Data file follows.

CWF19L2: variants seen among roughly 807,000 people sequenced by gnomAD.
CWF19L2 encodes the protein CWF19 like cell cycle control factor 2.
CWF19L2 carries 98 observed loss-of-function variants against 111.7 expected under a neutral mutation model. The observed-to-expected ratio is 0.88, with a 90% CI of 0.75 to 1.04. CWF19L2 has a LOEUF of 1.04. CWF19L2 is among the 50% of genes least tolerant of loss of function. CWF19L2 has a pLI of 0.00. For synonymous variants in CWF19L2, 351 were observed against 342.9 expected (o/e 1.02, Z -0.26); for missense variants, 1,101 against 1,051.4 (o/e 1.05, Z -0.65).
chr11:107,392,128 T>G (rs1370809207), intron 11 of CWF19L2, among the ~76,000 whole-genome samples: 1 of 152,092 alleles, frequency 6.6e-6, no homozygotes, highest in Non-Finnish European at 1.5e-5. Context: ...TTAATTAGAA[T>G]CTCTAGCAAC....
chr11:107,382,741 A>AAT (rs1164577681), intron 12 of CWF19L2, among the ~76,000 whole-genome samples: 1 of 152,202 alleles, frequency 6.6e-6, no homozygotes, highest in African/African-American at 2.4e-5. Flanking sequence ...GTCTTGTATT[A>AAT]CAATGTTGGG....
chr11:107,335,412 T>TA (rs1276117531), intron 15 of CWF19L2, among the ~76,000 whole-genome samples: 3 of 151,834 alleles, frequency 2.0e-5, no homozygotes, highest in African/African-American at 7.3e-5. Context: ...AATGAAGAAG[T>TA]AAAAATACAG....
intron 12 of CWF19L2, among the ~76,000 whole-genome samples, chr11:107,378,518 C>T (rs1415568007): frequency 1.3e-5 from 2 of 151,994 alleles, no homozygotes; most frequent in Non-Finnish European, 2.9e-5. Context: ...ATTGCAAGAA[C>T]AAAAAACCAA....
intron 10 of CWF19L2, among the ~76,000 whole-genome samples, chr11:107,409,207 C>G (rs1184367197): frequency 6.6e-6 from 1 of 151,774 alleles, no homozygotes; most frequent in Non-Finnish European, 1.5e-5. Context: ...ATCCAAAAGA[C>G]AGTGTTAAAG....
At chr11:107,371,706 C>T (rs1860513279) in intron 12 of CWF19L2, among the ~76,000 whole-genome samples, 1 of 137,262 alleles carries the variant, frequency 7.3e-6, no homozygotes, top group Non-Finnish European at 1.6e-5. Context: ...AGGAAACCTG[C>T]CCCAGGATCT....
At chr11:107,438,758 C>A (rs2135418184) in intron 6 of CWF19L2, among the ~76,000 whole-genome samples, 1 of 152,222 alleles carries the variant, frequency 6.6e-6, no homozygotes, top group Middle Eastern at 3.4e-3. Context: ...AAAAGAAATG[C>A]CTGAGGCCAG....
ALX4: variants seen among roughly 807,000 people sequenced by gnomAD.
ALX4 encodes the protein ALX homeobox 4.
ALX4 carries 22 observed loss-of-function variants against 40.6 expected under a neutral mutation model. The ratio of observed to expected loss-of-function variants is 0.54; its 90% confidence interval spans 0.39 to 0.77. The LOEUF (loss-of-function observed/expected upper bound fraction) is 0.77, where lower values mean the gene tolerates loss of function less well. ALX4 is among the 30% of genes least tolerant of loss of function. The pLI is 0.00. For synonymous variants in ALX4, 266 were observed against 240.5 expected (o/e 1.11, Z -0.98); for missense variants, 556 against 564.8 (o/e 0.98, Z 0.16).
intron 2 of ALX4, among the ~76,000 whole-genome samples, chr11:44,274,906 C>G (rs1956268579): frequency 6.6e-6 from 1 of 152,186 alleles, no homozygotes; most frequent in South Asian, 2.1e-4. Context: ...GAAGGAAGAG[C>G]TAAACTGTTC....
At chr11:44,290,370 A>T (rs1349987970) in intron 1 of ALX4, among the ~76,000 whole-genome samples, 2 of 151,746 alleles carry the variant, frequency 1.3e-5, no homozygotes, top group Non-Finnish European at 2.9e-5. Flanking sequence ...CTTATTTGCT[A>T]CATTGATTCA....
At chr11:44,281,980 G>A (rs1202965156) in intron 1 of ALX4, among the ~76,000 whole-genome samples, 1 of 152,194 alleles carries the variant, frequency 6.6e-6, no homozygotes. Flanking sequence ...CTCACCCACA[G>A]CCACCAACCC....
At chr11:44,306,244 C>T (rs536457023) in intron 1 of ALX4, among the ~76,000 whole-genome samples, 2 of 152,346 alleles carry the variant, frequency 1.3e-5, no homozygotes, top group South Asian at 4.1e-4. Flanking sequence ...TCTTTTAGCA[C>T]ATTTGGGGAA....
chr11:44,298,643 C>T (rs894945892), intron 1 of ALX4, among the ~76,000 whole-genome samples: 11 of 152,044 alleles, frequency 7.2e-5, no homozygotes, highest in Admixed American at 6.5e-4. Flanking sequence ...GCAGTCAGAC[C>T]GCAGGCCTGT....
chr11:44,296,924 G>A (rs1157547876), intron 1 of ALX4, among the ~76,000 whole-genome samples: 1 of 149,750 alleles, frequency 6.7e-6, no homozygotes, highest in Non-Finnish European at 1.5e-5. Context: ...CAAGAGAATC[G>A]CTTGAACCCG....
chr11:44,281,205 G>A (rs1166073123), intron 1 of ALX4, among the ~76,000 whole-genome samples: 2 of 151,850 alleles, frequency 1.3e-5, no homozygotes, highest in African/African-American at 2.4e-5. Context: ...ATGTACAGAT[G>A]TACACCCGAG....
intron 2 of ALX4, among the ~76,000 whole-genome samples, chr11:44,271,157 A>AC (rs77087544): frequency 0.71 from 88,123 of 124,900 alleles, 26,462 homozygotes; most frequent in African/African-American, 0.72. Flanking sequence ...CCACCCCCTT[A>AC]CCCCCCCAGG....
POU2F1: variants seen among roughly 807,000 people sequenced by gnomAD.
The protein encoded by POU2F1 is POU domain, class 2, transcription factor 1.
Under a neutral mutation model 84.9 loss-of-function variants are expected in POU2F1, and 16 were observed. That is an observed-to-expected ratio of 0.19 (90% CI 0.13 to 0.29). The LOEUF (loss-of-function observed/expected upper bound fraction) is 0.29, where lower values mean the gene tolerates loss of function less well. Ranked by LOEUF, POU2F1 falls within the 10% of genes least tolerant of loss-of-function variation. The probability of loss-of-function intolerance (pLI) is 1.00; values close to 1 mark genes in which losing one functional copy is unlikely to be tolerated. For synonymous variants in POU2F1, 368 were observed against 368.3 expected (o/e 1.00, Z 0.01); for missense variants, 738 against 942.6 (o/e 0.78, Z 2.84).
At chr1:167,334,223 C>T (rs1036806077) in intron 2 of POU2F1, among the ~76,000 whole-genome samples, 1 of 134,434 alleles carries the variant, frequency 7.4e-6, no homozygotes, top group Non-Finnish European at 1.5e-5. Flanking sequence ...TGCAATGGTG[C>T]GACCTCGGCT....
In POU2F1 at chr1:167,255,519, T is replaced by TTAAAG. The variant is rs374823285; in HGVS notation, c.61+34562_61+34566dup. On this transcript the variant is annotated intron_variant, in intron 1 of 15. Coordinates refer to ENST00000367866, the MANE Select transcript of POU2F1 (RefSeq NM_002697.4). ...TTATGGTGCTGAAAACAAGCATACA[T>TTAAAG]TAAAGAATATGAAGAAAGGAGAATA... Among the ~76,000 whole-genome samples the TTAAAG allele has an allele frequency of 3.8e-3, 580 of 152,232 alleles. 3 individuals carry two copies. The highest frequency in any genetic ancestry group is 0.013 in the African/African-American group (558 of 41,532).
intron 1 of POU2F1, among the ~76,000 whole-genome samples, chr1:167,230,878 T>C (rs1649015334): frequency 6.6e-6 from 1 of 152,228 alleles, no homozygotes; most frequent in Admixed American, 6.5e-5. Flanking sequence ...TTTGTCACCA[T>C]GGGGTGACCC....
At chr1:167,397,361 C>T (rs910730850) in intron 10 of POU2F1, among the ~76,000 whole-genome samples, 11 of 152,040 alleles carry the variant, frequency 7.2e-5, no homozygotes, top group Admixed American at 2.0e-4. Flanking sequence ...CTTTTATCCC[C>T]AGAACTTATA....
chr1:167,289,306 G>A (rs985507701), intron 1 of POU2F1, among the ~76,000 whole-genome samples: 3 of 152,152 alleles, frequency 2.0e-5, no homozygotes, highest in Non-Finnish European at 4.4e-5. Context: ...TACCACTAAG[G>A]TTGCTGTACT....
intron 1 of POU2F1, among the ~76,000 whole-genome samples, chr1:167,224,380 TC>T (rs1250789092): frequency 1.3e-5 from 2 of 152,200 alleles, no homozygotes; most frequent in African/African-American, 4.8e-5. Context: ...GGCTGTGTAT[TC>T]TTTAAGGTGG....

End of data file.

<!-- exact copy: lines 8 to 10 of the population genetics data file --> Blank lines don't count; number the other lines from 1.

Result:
intron 10 of CWF19L2, among the ~76,000 whole-genome samples, chr11:107,409,207 C>G (rs1184367197): frequency 6.6e-6 from 1 of 151,774 alleles, no homozygotes; most frequent in Non-Finnish European, 1.5e-5. Context: ...ATCCAAAAGA[C>G]AGTGTTAAAG....
At chr11:107,371,706 C>T (rs1860513279) in intron 12 of CWF19L2, among the ~76,000 whole-genome samples, 1 of 137,262 alleles carries the variant, frequency 7.3e-6, no homozygotes, top group Non-Finnish European at 1.6e-5. Context: ...AGGAAACCTG[C>T]CCCAGGATCT....
At chr11:107,438,758 C>A (rs2135418184) in intron 6 of CWF19L2, among the ~76,000 whole-genome samples, 1 of 152,222 alleles carries the variant, frequency 6.6e-6, no homozygotes, top group Middle Eastern at 3.4e-3. Context: ...AAAAGAAATG[C>A]CTGAGGCCAG....